The New York Times wrote earlier this month about Microsoft’s click fraud civil suit. According to Microsoft’s complaint, click fraud or pay-per-click fraud “is an industry term used to describe a type of internet crime that occurs in PPC (“pay-per click”) online advertising when a person, automated scripts, or computer program imitates a legitimate user of a Web browser by clicking on a sponsored site for the purpose of generating a CPC (“cost-per-click”) without having actual interest in the target of the sponsored site’s link.”
In this case, the defendants allegedly worked for companies with low rankings in the sponsored links section for Microsoft’s Live search. The defendants made it look as though hundreds of people were searching the same keywords on Live in a very short period of time, which exhausted the advertising budgets of the highest ranked advertisers and allowed the defendants’ clients to move up the list.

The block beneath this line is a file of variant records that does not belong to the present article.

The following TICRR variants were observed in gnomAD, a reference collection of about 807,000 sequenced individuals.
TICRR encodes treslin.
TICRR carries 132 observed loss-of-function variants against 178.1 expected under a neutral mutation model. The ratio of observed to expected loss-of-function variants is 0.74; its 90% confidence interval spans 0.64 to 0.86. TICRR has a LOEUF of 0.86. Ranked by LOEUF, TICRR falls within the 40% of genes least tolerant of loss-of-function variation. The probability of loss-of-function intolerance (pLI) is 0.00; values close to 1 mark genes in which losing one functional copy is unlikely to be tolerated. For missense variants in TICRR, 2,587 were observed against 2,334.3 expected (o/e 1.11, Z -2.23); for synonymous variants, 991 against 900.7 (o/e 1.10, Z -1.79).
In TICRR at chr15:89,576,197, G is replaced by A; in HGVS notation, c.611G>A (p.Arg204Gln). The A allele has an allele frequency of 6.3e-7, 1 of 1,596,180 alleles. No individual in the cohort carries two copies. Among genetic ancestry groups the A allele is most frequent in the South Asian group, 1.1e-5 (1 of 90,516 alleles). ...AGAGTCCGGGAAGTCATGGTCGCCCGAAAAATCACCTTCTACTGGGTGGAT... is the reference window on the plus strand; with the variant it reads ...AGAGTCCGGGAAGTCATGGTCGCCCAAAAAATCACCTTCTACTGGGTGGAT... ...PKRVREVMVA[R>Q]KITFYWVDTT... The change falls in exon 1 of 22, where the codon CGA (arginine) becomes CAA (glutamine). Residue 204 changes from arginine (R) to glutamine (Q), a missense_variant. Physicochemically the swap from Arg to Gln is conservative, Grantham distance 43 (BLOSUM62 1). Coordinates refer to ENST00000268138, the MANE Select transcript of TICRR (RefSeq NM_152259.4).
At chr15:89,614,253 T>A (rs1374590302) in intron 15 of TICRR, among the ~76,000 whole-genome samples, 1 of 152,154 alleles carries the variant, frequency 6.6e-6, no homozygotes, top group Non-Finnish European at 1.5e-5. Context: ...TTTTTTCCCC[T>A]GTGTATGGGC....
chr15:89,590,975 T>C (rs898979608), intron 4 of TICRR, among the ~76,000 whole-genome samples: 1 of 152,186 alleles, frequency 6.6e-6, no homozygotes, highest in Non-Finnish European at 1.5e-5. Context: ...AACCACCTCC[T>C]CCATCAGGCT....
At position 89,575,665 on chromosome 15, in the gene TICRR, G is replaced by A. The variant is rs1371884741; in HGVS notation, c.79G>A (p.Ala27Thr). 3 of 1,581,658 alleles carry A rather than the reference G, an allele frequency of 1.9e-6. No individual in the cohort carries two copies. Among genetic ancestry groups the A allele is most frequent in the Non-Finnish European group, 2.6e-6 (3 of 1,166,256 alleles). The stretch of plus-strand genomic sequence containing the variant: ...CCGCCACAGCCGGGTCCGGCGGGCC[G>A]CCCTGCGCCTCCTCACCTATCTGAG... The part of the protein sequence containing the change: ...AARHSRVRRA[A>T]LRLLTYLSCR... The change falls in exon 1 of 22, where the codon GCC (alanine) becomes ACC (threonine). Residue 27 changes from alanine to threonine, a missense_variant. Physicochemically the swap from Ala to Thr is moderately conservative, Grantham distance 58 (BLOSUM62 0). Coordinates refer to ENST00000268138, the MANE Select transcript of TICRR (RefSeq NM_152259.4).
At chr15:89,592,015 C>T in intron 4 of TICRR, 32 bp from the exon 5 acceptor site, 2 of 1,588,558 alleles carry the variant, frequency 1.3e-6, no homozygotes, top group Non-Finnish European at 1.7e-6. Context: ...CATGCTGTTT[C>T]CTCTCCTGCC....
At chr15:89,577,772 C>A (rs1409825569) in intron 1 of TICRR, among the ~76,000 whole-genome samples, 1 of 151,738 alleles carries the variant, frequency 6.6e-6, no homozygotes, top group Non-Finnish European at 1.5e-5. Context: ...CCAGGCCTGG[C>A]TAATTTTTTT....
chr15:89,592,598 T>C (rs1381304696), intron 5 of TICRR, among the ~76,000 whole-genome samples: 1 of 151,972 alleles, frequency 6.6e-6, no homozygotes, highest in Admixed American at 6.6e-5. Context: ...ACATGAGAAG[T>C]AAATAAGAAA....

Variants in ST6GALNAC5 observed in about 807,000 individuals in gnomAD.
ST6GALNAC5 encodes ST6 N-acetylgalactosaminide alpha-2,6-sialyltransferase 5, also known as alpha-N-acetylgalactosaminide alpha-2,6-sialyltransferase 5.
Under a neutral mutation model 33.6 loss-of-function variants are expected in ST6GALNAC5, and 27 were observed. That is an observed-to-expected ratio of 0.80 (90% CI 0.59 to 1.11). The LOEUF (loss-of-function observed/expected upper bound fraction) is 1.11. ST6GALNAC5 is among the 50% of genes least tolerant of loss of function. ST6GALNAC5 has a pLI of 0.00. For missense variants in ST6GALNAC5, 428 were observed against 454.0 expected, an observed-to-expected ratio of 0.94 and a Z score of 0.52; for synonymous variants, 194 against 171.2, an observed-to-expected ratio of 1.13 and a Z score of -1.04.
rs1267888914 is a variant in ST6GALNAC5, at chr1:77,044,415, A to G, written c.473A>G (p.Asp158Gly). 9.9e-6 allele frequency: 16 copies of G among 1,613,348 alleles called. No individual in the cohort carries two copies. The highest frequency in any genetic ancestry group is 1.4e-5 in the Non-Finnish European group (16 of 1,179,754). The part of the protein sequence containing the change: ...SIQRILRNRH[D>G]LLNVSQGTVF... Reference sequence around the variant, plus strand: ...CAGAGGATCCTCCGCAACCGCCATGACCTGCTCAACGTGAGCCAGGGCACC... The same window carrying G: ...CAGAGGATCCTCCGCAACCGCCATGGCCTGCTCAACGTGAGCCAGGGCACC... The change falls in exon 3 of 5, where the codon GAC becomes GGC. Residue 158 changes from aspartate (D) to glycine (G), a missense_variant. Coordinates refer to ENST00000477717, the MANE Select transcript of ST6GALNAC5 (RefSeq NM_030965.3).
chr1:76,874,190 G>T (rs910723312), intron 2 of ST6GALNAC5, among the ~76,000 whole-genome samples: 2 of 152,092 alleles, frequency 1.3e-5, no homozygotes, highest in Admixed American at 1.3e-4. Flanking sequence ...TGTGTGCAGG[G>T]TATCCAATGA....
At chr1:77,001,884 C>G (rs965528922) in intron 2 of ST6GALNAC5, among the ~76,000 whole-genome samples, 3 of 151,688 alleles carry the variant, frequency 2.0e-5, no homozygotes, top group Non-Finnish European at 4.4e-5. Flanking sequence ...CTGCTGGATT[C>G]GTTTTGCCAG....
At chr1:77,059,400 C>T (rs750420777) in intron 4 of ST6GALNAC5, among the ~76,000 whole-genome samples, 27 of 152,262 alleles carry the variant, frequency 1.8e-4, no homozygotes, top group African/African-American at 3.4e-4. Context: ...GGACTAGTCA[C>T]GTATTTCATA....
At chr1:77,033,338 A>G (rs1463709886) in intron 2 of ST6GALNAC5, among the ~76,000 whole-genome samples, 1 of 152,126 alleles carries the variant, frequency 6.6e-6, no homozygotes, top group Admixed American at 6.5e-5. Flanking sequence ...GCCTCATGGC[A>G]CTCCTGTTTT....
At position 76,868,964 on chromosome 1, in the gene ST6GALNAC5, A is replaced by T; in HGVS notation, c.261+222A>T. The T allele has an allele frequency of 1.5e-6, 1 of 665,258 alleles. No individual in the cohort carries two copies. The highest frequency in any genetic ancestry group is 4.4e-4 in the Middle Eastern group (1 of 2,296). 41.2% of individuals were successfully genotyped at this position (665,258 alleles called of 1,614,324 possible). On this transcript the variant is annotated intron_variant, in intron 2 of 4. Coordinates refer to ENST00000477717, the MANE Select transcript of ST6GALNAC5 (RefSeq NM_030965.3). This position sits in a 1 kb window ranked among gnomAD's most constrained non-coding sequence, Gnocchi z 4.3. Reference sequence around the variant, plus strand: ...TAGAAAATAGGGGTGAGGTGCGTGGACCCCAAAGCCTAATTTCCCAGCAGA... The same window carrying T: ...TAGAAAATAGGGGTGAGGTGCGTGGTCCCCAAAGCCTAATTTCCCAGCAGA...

Advertising with sponsored links is less expensive and more targeted than traditional ads, but cases like this one show that the time, place and price of the ad are less controllable and the whole process can clearly be manipulated.